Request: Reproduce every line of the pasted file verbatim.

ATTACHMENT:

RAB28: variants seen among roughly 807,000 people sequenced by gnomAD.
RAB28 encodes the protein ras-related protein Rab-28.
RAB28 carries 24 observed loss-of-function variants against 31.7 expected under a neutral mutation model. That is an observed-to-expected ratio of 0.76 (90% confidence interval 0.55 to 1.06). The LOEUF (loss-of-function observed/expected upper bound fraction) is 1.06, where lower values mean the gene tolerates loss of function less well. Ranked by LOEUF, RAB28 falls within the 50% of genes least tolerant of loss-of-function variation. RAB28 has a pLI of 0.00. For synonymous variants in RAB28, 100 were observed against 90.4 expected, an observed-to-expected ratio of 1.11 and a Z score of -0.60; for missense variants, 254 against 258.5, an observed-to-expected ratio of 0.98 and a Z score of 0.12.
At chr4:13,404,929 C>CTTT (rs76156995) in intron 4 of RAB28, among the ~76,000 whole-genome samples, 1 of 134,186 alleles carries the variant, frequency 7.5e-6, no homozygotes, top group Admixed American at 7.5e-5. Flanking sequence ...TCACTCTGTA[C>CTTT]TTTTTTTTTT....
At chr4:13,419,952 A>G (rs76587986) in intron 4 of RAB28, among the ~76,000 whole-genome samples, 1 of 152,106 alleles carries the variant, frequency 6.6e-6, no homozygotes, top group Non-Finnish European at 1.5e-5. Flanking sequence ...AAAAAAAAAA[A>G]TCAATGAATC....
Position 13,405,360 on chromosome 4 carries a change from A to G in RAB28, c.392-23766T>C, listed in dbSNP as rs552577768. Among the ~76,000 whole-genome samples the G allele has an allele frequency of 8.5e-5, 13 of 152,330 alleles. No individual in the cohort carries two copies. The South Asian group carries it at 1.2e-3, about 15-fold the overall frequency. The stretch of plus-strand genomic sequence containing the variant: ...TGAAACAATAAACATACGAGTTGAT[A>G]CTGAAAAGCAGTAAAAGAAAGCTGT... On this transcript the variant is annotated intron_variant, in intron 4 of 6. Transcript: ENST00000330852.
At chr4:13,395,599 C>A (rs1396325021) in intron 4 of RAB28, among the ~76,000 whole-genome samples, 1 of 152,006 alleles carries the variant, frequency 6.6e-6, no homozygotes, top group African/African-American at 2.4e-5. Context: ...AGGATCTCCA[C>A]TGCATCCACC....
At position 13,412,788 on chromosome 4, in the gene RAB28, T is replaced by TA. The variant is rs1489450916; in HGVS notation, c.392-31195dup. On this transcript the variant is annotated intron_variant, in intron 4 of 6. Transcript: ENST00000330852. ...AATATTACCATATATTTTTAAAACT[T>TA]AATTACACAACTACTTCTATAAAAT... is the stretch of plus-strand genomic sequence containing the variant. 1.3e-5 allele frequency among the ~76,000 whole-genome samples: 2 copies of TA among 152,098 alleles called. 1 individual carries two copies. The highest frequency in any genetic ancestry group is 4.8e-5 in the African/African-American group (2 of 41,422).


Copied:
RAB28: variants seen among roughly 807,000 people sequenced by gnomAD.
RAB28 encodes the protein ras-related protein Rab-28.
RAB28 carries 24 observed loss-of-function variants against 31.7 expected under a neutral mutation model. That is an observed-to-expected ratio of 0.76 (90% confidence interval 0.55 to 1.06). The LOEUF (loss-of-function observed/expected upper bound fraction) is 1.06, where lower values mean the gene tolerates loss of function less well. Ranked by LOEUF, RAB28 falls within the 50% of genes least tolerant of loss-of-function variation. RAB28 has a pLI of 0.00. For synonymous variants in RAB28, 100 were observed against 90.4 expected, an observed-to-expected ratio of 1.11 and a Z score of -0.60; for missense variants, 254 against 258.5, an observed-to-expected ratio of 0.98 and a Z score of 0.12.
At chr4:13,404,929 C>CTTT (rs76156995) in intron 4 of RAB28, among the ~76,000 whole-genome samples, 1 of 134,186 alleles carries the variant, frequency 7.5e-6, no homozygotes, top group Admixed American at 7.5e-5. Flanking sequence ...TCACTCTGTA[C>CTTT]TTTTTTTTTT....
At chr4:13,419,952 A>G (rs76587986) in intron 4 of RAB28, among the ~76,000 whole-genome samples, 1 of 152,106 alleles carries the variant, frequency 6.6e-6, no homozygotes, top group Non-Finnish European at 1.5e-5. Flanking sequence ...AAAAAAAAAA[A>G]TCAATGAATC....
Position 13,405,360 on chromosome 4 carries a change from A to G in RAB28, c.392-23766T>C, listed in dbSNP as rs552577768. Among the ~76,000 whole-genome samples the G allele has an allele frequency of 8.5e-5, 13 of 152,330 alleles. No individual in the cohort carries two copies. The South Asian group carries it at 1.2e-3, about 15-fold the overall frequency. The stretch of plus-strand genomic sequence containing the variant: ...TGAAACAATAAACATACGAGTTGAT[A>G]CTGAAAAGCAGTAAAAGAAAGCTGT... On this transcript the variant is annotated intron_variant, in intron 4 of 6. Transcript: ENST00000330852.
At chr4:13,395,599 C>A (rs1396325021) in intron 4 of RAB28, among the ~76,000 whole-genome samples, 1 of 152,006 alleles carries the variant, frequency 6.6e-6, no homozygotes, top group African/African-American at 2.4e-5. Context: ...AGGATCTCCA[C>A]TGCATCCACC....
At position 13,412,788 on chromosome 4, in the gene RAB28, T is replaced by TA. The variant is rs1489450916; in HGVS notation, c.392-31195dup. On this transcript the variant is annotated intron_variant, in intron 4 of 6. Transcript: ENST00000330852. ...AATATTACCATATATTTTTAAAACT[T>TA]AATTACACAACTACTTCTATAAAAT... is the stretch of plus-strand genomic sequence containing the variant. 1.3e-5 allele frequency among the ~76,000 whole-genome samples: 2 copies of TA among 152,098 alleles called. 1 individual carries two copies. The highest frequency in any genetic ancestry group is 4.8e-5 in the African/African-American group (2 of 41,422).